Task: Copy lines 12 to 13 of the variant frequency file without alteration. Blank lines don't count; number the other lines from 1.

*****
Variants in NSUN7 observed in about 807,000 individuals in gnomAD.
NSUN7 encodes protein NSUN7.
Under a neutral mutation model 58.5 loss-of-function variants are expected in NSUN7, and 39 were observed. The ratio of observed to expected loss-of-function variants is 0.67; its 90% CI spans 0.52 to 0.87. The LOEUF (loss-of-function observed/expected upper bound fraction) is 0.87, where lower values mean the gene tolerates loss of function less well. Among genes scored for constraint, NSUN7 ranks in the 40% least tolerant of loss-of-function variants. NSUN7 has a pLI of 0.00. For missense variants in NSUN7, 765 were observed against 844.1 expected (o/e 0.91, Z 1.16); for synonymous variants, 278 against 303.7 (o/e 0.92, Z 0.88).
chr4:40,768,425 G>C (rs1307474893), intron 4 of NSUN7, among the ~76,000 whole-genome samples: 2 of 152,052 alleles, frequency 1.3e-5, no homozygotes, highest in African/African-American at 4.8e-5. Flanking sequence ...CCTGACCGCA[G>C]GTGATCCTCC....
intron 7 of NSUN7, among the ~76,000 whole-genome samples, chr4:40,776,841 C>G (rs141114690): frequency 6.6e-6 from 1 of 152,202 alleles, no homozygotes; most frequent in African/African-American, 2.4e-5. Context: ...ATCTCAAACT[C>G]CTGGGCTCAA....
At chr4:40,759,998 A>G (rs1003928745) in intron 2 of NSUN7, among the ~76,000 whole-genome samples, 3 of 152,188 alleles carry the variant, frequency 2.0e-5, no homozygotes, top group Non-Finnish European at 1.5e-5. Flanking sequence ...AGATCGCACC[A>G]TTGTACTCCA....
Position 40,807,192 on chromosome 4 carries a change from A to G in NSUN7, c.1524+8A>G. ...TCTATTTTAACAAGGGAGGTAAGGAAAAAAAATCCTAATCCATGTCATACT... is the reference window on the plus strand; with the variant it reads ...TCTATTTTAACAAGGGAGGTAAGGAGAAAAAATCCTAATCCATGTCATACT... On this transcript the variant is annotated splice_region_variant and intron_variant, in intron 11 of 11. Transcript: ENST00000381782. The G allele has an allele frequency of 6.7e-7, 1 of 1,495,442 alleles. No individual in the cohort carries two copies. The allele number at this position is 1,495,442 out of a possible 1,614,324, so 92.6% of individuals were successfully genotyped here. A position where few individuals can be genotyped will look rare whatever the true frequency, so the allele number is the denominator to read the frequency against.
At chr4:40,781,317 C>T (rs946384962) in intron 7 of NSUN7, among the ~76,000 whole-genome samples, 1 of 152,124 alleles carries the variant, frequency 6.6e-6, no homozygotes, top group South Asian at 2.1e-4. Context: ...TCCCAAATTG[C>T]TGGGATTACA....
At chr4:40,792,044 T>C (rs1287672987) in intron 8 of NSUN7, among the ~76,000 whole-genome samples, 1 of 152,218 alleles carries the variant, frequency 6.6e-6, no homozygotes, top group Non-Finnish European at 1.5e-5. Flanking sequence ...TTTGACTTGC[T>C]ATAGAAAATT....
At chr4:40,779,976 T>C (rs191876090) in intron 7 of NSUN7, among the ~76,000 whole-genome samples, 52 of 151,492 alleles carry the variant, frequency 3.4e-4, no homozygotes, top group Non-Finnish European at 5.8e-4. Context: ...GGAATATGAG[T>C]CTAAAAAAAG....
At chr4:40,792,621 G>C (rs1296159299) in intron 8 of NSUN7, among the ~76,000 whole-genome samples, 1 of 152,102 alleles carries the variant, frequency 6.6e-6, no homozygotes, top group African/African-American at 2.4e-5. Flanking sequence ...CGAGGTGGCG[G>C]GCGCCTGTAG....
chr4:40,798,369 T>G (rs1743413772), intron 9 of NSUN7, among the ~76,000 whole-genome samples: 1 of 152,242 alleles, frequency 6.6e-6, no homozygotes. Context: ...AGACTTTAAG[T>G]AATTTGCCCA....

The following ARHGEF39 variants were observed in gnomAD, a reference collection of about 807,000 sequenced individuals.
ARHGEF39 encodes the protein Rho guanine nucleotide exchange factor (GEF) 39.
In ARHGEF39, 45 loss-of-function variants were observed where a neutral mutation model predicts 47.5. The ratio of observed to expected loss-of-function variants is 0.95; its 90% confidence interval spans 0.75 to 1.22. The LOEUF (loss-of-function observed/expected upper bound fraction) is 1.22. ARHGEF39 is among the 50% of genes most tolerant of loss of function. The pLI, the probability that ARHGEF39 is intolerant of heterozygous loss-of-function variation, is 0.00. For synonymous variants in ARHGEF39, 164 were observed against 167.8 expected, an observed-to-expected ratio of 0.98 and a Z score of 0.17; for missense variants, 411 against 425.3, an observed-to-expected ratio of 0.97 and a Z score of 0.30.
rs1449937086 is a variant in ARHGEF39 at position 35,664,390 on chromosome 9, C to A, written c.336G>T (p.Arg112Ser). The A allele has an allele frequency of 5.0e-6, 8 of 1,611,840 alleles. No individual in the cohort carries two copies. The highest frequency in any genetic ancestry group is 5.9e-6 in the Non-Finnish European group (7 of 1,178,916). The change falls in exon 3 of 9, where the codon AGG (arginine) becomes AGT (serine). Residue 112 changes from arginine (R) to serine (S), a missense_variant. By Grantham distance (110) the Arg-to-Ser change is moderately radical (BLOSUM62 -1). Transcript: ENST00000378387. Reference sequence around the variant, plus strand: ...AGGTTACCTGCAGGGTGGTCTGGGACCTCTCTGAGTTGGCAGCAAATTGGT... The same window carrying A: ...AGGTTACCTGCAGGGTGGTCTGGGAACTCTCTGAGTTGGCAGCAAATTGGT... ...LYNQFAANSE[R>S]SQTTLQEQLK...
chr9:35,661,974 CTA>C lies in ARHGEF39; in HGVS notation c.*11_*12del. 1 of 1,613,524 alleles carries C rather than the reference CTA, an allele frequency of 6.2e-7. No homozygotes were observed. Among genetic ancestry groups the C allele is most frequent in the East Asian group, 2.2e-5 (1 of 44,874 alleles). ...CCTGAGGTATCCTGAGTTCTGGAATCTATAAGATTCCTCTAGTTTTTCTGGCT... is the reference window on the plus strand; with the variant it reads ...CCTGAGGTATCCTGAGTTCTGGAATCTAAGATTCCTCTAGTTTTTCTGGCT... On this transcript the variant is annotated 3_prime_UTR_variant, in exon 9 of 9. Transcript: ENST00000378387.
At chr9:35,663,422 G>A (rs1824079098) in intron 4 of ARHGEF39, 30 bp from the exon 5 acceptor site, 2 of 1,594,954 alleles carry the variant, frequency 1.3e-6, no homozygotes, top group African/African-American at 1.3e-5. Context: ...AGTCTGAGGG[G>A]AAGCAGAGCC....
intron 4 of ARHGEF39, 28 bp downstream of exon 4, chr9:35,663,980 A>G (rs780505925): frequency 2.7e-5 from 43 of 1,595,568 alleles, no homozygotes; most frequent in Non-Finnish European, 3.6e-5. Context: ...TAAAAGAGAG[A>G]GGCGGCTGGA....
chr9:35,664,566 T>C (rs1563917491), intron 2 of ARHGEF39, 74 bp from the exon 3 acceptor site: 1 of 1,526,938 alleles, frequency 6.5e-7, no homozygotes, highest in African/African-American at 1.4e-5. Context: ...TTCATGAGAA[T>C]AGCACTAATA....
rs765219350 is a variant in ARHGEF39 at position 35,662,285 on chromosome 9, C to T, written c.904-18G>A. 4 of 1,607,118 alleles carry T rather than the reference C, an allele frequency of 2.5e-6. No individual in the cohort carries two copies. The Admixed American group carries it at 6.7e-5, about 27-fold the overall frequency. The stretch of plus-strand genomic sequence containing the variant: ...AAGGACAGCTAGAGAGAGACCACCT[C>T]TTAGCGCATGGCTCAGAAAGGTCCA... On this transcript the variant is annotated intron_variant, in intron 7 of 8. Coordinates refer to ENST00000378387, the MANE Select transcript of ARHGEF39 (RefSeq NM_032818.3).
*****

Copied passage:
chr4:40,798,369 T>G (rs1743413772), intron 9 of NSUN7, among the ~76,000 whole-genome samples: 1 of 152,242 alleles, frequency 6.6e-6, no homozygotes. Context: ...AGACTTTAAG[T>G]AATTTGCCCA....

The following ARHGEF39 variants were observed in gnomAD, a reference collection of about 807,000 sequenced individuals.